The Cure for a Dissatisfied Life
By caryn dahlstrand rivadeneira
September 1, 2011
It happens to the best of us. All the time. It’s a problem in every kind of community, in every type of relationship. Envy is the thing that kills.
Even when we know it makes no sense, even when we know we're not seeing the full story, even when we know those same people are probably jealous of us about something, we chomp down. We suck in the juice. We let envy swirl around in our mouths. We savor comparison and competition as they pass over our tongues. They can taste and feel so good—almost like sweet justice.
Yet once they're in, these evil twins of envy and comparison are tough to digest. They don't go down easy—what starts as sweet nectar on the tongue turns acidic on the way down. And once they're down, they start eating you, leaving big, empty holes in your heart, soul and mind.
Even with all the pain envy and comparison cause, they're not that easy to get rid of either. They hold on. But you can shake them. If you're willing to do some work.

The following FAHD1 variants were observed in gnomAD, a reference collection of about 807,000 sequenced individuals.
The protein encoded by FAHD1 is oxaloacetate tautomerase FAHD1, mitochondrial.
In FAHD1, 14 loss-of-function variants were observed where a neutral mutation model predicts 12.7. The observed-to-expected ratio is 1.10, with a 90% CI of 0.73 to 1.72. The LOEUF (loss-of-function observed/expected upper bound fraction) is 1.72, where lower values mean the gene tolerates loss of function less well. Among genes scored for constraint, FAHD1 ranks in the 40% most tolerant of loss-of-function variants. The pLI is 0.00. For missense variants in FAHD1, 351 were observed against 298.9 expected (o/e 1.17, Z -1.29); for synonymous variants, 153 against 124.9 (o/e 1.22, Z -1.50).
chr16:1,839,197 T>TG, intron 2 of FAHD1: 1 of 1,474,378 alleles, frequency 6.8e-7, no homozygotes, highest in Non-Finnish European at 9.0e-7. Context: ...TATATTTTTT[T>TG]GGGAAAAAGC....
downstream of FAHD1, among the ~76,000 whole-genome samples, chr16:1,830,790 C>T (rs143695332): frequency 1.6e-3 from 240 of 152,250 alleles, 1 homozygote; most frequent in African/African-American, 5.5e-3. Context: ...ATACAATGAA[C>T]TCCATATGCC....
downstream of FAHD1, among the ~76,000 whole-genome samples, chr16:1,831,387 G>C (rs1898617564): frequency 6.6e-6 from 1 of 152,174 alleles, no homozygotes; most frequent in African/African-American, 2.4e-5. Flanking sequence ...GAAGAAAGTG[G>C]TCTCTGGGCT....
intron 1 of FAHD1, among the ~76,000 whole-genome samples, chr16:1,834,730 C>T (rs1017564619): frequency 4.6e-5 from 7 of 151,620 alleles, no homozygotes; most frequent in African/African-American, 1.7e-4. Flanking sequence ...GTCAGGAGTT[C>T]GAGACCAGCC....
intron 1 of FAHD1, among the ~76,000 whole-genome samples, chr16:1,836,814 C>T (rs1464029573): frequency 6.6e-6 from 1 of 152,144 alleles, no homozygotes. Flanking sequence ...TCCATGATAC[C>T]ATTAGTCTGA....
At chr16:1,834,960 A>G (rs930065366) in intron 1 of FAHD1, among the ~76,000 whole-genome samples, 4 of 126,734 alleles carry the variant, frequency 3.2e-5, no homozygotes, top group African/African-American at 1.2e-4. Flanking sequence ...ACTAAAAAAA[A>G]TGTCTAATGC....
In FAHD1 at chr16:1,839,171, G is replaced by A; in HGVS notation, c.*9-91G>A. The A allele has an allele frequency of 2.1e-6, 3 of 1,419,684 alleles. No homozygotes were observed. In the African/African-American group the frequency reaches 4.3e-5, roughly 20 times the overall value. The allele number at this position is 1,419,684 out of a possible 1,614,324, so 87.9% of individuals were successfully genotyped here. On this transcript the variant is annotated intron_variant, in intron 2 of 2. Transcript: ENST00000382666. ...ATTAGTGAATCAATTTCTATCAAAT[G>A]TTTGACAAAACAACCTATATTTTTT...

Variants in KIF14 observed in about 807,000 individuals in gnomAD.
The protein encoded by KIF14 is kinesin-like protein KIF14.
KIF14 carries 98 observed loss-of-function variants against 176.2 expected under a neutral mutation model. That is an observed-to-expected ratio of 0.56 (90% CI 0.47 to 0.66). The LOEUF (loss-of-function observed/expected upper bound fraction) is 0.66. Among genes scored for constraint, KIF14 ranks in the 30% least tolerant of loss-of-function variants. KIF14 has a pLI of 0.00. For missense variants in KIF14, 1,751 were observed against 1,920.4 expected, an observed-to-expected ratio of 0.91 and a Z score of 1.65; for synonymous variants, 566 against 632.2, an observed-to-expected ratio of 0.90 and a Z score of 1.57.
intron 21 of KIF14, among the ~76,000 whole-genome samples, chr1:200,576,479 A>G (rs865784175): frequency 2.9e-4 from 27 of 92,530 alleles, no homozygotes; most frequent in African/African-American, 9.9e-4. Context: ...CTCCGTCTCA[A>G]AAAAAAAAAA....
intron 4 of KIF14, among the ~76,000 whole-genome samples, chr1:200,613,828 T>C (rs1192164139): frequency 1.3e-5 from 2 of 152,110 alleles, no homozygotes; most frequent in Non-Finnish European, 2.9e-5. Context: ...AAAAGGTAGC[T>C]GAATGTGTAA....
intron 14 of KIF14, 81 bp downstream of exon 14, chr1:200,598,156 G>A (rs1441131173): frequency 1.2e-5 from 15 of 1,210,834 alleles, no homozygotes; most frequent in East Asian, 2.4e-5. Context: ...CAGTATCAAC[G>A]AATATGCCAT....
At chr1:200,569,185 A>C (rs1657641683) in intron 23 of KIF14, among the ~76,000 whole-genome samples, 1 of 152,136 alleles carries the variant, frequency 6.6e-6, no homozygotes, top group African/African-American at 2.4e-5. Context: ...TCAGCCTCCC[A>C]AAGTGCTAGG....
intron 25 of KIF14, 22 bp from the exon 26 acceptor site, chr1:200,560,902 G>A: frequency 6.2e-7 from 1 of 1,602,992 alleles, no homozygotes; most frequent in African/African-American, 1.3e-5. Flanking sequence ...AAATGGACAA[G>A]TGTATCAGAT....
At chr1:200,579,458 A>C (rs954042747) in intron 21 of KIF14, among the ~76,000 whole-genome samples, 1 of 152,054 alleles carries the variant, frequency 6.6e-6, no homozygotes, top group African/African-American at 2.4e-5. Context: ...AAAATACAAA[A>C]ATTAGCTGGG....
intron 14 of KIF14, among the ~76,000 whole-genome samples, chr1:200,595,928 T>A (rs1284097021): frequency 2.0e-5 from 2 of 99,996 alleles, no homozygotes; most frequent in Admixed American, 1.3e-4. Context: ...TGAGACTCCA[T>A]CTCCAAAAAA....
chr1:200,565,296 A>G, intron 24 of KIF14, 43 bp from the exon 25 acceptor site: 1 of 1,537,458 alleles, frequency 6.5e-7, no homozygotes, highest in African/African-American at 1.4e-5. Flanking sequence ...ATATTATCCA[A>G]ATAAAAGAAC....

Spit Out Jealousy
I wish we could permanently end jealousy and comparison, but since our faith tradition entails us recognizing our fallenness and brokenness and continued need for God's grace, I don't think we can, actually, get rid of it on this side of heaven. But what we can do is become so hyperaware of the dangers of jealousy and comparison, and become so vigilant in keeping them out of our systems, that we develop a pretty good gag reflex—we learn to spit them right back out as soon as they come in.
According to Scripture, jealousy kills us, is stupid (like chasing the wind) and is one of the big sins that defiles us. Check it out:
"Surely resentment destroys the fool, and jealousy kills the simple" (Job 5:2).
"Then I observed that most people are motivated to success because they envy their neighbors. But this, too, is meaningless—like chasing the wind" (Ecclesiastes 4:4).